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Chinese Investor Faces Union Organizers in Ohio

American Government Special Collections Reference Desk

Cars in China Topics:  Fuyao

Chinese Investor Faces Union Organizers in Ohio

Calla Yu, VOA News
10 October 2017 (8:43AM)


Fuyao Glass OhioAmerican workers on the factory floor of the Chinese-owned Fuyao Glass company in Dayton, Ohio. Dewang Cao, chairman of Fuyao GlassDewang Cao, chairman of Fuyao Glass
Download Chinese Investor Facing Union Organizers in Ohio in MP4 format - 63.2MB - 3:37 (12:25PM)
Some U.S. workers for one of China’s biggest glass manufacturers are trying to organize a labor union at their factory in the Midwest state of Ohio. VOA’s Calla Yu reports on how one Chinese investor is adjusting to doing business in the United States.
DAYTON, OHIO — Americans who work for one of China’s biggest glass manufacturers are trying to organize a labor union at their factory in the Midwest state of Ohio.

China’s Fuyao Glass came to Dayton, Ohio, two years ago with $600 million to refurbish a closed automobile plant. The investment added about 2,000 new jobs to the local economy and boosted Fuyao’s share of the U.S. auto glass market.

But the factory has also been cited for workplace safety violations that employee Larry Yates Jr. says show different ways of doing business.

“How they work in China is not how we work over here in America," he said. "In China, you work seven days a week. You do whatever you’re told to do. And in America, you have rules and regulations and guidance that you have to go by. If you don’t go by those, you’re in trouble.”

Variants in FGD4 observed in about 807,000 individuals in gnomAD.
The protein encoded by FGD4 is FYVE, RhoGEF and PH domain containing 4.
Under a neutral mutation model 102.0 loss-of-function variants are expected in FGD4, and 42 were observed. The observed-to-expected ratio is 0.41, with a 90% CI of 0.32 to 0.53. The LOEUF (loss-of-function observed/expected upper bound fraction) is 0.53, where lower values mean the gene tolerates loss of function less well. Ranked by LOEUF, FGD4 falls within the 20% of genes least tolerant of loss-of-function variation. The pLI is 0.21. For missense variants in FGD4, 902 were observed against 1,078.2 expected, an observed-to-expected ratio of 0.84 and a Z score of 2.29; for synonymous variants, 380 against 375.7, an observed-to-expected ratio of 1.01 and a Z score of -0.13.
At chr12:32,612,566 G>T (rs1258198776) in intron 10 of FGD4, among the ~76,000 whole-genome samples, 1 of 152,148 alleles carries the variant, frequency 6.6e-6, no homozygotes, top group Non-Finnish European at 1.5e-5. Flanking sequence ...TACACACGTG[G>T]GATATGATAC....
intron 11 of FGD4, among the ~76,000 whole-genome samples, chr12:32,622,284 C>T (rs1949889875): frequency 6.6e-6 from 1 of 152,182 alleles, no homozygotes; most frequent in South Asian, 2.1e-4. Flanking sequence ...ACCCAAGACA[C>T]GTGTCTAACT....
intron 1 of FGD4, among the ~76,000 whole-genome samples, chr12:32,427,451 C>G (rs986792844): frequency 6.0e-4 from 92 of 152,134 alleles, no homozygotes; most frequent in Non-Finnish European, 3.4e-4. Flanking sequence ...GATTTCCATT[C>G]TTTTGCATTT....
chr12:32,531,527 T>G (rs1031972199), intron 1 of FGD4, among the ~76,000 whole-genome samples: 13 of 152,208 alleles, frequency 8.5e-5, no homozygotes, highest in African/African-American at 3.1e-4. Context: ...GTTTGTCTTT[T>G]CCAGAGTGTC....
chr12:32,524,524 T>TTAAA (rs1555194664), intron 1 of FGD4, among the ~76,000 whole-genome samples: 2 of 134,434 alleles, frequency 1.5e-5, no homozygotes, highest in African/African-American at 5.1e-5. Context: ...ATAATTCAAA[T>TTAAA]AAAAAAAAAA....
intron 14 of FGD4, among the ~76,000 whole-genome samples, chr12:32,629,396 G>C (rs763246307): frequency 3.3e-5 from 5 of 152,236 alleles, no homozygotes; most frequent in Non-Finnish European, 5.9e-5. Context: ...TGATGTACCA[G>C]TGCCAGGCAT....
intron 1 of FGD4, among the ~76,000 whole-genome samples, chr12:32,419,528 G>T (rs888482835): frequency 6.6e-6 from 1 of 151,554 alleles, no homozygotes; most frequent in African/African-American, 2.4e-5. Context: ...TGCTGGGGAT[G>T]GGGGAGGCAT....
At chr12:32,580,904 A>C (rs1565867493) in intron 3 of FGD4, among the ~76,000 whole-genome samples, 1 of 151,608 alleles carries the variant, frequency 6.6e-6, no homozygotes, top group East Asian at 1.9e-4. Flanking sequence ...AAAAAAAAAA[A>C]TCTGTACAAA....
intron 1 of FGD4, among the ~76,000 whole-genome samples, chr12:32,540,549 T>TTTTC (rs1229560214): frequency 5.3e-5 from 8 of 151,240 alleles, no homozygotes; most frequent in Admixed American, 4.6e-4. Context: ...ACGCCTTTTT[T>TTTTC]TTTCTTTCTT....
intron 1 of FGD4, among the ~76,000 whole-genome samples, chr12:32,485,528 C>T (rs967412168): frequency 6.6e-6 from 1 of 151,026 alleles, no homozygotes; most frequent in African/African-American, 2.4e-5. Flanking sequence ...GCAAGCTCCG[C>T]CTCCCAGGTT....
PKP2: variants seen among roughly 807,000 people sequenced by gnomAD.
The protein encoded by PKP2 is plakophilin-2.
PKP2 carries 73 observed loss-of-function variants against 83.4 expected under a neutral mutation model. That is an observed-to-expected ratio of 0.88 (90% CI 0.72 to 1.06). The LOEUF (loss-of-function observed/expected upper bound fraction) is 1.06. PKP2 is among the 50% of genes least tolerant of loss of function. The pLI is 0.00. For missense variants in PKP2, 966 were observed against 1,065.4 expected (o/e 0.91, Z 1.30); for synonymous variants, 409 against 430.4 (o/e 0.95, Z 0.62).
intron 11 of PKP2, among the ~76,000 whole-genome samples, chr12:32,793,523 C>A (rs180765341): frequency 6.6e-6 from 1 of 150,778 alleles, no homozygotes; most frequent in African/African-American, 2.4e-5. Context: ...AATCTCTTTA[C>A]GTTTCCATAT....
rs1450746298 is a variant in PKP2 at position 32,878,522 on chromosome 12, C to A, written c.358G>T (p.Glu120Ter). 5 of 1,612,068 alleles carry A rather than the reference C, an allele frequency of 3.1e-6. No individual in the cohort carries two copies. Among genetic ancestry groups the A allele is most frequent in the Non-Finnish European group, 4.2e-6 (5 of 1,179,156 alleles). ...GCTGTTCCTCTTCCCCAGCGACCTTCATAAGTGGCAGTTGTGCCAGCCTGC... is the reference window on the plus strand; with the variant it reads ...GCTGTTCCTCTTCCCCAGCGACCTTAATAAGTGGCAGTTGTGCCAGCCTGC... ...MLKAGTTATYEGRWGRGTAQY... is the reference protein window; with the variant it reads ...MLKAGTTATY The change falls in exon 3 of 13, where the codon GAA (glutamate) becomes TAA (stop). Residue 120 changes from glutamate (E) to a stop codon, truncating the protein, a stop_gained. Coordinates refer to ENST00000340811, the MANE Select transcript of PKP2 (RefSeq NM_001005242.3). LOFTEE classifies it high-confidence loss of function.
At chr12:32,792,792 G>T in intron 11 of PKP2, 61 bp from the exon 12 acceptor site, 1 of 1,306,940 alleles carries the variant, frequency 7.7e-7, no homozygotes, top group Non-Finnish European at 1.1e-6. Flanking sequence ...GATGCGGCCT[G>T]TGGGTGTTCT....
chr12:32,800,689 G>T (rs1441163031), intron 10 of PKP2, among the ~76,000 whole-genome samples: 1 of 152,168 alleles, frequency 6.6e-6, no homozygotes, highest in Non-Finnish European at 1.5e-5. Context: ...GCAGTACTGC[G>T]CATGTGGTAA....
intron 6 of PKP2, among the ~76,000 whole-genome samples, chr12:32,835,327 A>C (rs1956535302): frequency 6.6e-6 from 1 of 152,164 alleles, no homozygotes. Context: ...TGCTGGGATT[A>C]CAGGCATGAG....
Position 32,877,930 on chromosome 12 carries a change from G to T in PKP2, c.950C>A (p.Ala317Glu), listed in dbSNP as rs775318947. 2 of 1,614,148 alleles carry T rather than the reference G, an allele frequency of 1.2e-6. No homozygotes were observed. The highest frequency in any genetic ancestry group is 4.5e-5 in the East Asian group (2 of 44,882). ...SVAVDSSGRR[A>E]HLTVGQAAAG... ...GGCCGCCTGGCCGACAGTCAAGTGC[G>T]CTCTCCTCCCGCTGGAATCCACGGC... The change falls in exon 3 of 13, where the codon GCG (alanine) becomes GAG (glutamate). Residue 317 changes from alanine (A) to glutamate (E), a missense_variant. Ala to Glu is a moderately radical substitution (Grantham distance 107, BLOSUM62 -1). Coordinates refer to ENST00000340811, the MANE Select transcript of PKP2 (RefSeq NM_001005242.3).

Federal records show Labor Department inspectors have been to the Fuyao factory more times than to any other similar U.S. plant. The company has been assessed more than $100,000 in penalties for safety and health violations.

Yates says this shows it is time for Fuyao employees to organize with the United Auto Workers union, or UAW.

“With the UAW being involved, and them helping us, showing us where to go, which way to go, we can make it a safer place to work," Yates said. "Plus, we would also have a voice on the bargaining table.”

Fuyao America President Jeff Liu says the firm cooperates fully with all U.S. safety inspections and modifications. Fuyao’s approach, he says, reflects American self-reliance, not organized labor.

“In America, we advocate for the American Dream. What is the American Dream? It’s relying on yourself," he said. "It’s not going to help you by relying on someone else. So whether it’s a third party or a third person, it’s not going to work. We’re going to do our thing, and do it well. Then we’ll be able to achieve what you need.”

Fuyao is looking for ways to bridge the gap between a Chinese company and an American community. At the same time, people are also watching: Is Fuyao committed to the Dayton area? Do they care about the people who work for them?

The company is funding a $1 million local charity to demonstrate its commitment to the community.

“We’re talking about cultural clash, right?" said Dewang Cao, chairman of Fuyao Glass. "Lots of American companies set up philanthropic foundations. For a company, participating in community events and charitable works is a moral obligation, as well as a social responsibility.”

Fuyao employee Wendel Rutledge says while he knows about the charity, he would rather have help paying for his daughters’ college. But he does not believe a union is the answer.

“What do you need a union for? The rules are rules," said Rutledge. "That’s just me. I don’t believe everybody’s rules are the same. This is America. Everybody’s going to be here sooner or later. We are all going to learn to adapt to the rules and the lifestyles.”

Union backers need signatures from 30 percent of production workers to vote for organizing. Fuyao has formed a new safety committee to hear employee concerns and earlier this year gave production workers a $2-an-hour raise.

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